Papa’s love of life and beautiful things was apparent in the way he loved his horses. He could watch them all day – the mares in the pasture or the yearlings in the glade. He’d get all soft-eyed and sweet when the foals were born wet and new, he’d rub them down with a gunny sack and chortle to them touch them all over so they knew he was their friend.  Those foals loved Papa just like we did and would let him do about anything with them. He’d just start saying “Hey now. Hey now. Hey now” in a real soft sing-song kind of voice and the babies would mellow out and not be so skittery.   The next thing you knew he was touching their ears and picking up their feet and slipping a halter over their velveteen noses. His heart would break with the inevitable tragedies that occur on a ranch; colicky horses that have to be put down and horses that get entangled or are born too early or in pairs.  He mourned them all and in his way taught us the value of grief and the need for allowing a soul the chance to just be sad about something.

Every once in a while, Papa told us to get the brooms and clean out his truck. Since we all knew this could only lead to something good, we cleaned and swept like there was no tomorrow.  Then, after our work passed inspection, he piled us all in the truck and we set out to the Jolly Rancher candy factory.  Sometimes our cousins were with us, too, and it was quite a sight to have seven giggling girls pile out of the back of that truck and take over the little shop in front of the factory.  Papa was magnanimous telling us to get one whole pound of anything we wanted! We were literally kids in a candy store and we lived it up in there.  Papa would “Ooh! “ and “Aah” over our choices and insist on trying samples of all of them and then not being sure which on he liked best would have to sample them all again. We loved it and we laughed and gave him sticky little candy after candy insisting that that one was the best one, yet.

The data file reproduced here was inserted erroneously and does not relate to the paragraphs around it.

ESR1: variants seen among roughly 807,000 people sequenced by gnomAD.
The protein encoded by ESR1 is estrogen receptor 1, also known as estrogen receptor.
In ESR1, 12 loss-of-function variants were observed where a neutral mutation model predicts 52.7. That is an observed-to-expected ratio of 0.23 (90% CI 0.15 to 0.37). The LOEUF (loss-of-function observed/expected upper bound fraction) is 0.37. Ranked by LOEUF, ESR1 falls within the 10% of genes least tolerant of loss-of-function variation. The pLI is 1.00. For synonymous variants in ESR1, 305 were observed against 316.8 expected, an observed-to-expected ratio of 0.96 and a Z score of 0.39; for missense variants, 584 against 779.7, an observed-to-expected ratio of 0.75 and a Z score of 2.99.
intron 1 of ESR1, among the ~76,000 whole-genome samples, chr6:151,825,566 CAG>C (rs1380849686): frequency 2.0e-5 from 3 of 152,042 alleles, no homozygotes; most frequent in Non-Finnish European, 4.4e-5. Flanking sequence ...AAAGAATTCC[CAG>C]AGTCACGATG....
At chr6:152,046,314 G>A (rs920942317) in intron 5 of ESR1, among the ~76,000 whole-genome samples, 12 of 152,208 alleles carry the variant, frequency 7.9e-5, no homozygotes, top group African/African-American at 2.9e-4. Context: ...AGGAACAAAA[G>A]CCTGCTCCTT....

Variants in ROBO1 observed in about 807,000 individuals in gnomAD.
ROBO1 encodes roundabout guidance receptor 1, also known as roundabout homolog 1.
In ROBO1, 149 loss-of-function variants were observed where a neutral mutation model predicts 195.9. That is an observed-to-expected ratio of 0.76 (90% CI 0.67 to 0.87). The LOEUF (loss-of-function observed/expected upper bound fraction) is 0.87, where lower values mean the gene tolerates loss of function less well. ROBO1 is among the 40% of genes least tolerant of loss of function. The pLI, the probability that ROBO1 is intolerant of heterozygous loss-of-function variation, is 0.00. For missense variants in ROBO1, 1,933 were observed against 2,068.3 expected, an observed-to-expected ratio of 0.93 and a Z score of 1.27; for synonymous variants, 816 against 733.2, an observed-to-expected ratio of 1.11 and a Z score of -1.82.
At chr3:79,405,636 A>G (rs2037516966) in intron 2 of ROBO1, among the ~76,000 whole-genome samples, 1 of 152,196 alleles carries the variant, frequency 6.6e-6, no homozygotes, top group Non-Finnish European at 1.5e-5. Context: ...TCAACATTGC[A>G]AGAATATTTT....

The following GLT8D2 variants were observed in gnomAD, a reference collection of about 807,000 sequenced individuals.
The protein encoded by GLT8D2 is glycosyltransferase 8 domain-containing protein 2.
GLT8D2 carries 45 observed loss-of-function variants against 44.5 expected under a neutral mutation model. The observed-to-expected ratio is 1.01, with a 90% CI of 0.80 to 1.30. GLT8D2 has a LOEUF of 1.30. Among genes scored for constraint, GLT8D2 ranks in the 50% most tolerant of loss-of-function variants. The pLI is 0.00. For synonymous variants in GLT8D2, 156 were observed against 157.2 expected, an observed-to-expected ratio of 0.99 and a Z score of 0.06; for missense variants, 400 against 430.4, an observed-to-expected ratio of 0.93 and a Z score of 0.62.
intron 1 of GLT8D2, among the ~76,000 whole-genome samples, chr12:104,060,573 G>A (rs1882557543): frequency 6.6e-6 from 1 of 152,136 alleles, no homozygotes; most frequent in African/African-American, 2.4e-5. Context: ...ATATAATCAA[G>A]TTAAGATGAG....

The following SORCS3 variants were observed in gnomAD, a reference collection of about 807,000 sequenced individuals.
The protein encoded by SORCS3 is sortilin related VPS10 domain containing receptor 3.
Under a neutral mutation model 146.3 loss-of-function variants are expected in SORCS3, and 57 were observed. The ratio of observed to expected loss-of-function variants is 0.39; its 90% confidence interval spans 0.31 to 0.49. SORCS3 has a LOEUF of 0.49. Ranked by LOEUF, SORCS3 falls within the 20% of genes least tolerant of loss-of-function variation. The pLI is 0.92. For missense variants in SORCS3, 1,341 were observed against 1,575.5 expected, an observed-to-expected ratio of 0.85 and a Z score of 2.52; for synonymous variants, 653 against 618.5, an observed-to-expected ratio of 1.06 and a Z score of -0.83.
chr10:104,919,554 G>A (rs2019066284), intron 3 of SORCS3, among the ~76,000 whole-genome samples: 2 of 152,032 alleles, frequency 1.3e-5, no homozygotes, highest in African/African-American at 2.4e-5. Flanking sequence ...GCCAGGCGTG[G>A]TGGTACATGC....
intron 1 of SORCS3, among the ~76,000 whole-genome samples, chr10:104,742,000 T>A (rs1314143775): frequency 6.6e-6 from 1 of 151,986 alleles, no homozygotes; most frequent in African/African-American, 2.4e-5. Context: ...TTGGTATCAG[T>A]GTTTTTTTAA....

As the years rolled on and we grandkids grew up, Papa never let us feel we were getting too old. He liked to remind us to stay young, think young, play games and enjoy life. He was usually the first to point out a positive lesson that could be learned from a bad mistake. He would tell you if he didn’t agree with what you were doing and would respect your decision to keep on doing it – just don’t expect him to like it! Even then, he always loved us and we always knew it. Any one of us could walk into Mimi and Papa’s living room and they would be there with over 175 years of collective life experience and they would listen and give some advice – if you asked.